Thus, the invention provides a nozzle assembly for use in a shell-forming system, which greatly facilitates construction and maintance of the nozzle assembly. For an assembly with an outer nozzle having an average diameter of no more than about a millimeter, preferably less than about 0.7 millimeter and with the end of the inner nozzle spaced behind the tip of the outer one, the nozzle assembly can be constructed so the inner nozzle does not have to be placed with its axis in alignment with that of the outer nozzle. Instead, the axis of the inner nozzle can be displaced by more than 10% of the outer nozzle radius and can be angled by a plurality of degrees from the axis of the inner nozzle. The end of the inner nozzle preferrably lies a plurality of average diameters of the outer nozzle upstream from the tip of the outer nozzle, to provide at least a small distance over which the gas or other fluid emitted from the inner nozzle can move into a position along the axis of the outer nozzle. While the system is useful primarily for fluids wherein the outer one is a liquid and the inner one a gas, it is possible to use two liquids or to use two gases.

Although particular embodiments of the invention have been described and illustrated herein, it is recognized that modifications and variations may readily occur to those skilled in the art and consequently, it is intended that the claims be interpreted to cover such modifications and equivalents.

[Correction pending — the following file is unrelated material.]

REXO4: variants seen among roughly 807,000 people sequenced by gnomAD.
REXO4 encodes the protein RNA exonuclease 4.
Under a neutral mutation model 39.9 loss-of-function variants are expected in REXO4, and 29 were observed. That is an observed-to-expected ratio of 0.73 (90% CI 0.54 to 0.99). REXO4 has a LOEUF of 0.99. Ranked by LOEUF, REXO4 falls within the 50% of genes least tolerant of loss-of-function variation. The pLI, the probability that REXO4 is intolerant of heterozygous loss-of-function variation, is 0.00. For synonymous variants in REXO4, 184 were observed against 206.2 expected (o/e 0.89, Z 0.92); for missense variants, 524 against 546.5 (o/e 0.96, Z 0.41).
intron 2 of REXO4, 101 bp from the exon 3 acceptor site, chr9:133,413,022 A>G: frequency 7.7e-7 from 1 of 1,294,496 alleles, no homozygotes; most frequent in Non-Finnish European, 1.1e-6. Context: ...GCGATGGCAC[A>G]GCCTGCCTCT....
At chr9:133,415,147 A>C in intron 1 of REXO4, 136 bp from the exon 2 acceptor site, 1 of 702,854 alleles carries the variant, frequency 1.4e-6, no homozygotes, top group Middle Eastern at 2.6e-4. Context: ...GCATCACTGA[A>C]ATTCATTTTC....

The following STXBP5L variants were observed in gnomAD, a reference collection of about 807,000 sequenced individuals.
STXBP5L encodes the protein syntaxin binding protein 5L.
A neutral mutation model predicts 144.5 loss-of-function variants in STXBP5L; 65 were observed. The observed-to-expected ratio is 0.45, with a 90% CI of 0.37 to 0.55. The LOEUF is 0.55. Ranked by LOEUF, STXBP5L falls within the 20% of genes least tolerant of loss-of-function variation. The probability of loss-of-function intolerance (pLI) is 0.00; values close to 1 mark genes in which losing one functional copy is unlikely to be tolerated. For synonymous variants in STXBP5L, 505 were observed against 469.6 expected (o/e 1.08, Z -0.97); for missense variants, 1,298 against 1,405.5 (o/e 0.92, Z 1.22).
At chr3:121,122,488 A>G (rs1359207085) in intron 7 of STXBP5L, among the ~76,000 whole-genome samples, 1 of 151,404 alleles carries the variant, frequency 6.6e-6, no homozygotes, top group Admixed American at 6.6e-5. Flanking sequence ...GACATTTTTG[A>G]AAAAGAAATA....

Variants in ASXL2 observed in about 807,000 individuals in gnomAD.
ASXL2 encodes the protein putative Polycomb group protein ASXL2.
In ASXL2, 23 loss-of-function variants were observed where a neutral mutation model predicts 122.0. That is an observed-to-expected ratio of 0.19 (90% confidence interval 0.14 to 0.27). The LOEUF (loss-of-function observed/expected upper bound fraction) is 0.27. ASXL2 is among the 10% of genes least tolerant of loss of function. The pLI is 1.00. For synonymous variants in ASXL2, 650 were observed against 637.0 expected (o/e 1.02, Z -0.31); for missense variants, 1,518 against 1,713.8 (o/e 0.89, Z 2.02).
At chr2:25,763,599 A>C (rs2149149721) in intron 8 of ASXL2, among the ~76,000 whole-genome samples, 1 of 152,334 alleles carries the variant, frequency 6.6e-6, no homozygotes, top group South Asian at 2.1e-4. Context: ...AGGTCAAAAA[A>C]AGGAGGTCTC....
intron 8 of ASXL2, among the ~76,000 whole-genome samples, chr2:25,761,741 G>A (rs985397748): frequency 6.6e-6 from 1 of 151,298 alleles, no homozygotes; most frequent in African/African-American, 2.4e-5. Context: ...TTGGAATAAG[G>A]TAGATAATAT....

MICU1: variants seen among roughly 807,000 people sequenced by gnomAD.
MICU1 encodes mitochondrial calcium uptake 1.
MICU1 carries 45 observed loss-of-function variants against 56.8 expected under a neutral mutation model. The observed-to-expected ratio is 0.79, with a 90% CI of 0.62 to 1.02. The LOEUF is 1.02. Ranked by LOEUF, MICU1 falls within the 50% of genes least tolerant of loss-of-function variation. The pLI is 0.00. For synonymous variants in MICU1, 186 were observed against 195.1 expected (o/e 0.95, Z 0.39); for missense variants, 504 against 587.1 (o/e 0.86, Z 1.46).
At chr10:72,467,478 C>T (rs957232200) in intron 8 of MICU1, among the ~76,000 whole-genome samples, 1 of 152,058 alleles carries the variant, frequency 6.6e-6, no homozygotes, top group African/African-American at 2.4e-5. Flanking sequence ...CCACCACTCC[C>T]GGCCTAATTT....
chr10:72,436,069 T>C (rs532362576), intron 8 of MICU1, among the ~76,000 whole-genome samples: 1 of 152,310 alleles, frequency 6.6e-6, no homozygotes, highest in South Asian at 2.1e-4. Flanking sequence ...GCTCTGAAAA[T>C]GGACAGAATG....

Patent Citations
Cited PatentFiling datePublication dateApplicantTitle
US3038236 *Nov 3, 1958Jun 12, 1962Du PontCrimped textile products
US3118011 *Jul 3, 1962Jan 14, 1964Du PontProcess for preparing helically crimped composite filaments
US3315021 *Jun 9, 1965Apr 18, 1967Snia ViscosaProcess for the production of crimpable composite synthetic yarns
US3907537 *Oct 30, 1973Sep 23, 1975Potters Industries IncApparatus for producing glass spheres
US4218409 *Aug 16, 1978Aug 19, 1980Eastman Kodak CompanyEncapsulating method
US4303431 *May 23, 1980Dec 1, 1981Torobin Leonard BMethod and apparatus for producing hollow microspheres
US4303433 *Aug 18, 1980Dec 1, 1981Torobin Leonard BCentrifuge apparatus and method for producing hollow microspheres
US4303603 *Jun 19, 1980Dec 1, 1981Torobin Leonard BMethod and apparatus for producing hollow plastic microspheres
Referenced by
Citing PatentFiling datePublication dateApplicantTitle
US5662840 *Jun 10, 1994Sep 2, 1997Fmc CorporationProcess for making gel microbeads
US7621731 *Feb 13, 2006Nov 24, 2009E.I. Du Pont De Nemours And CompanyRotary process for forming uniform material
Classifications
U.S. Classification425/6, 376/916, 264/5, 264/8, 425/8
International ClassificationB22D25/02, B01J13/04, B22F1/00, B22F9/08, C03B19/10
Cooperative ClassificationY10S376/916, B22D25/02, C03B19/1075, B22F9/082, B22F2009/088, B01J13/04, B22F2009/0892, B22F1/0051
European ClassificationB22F9/08D, B22D25/02, B01J13/04, B22F1/00A2S2, C03B19/10C2
Legal Events
DateCodeEventDescription
May 9, 1995FPExpired due to failure to pay maintenance fee
Effective date: 19950301
Feb 26, 1995LAPSLapse for failure to pay maintenance fees
Oct 4, 1994REMIMaintenance fee reminder mailed
Mar 30, 1990FPAYFee payment
Year of fee payment: 4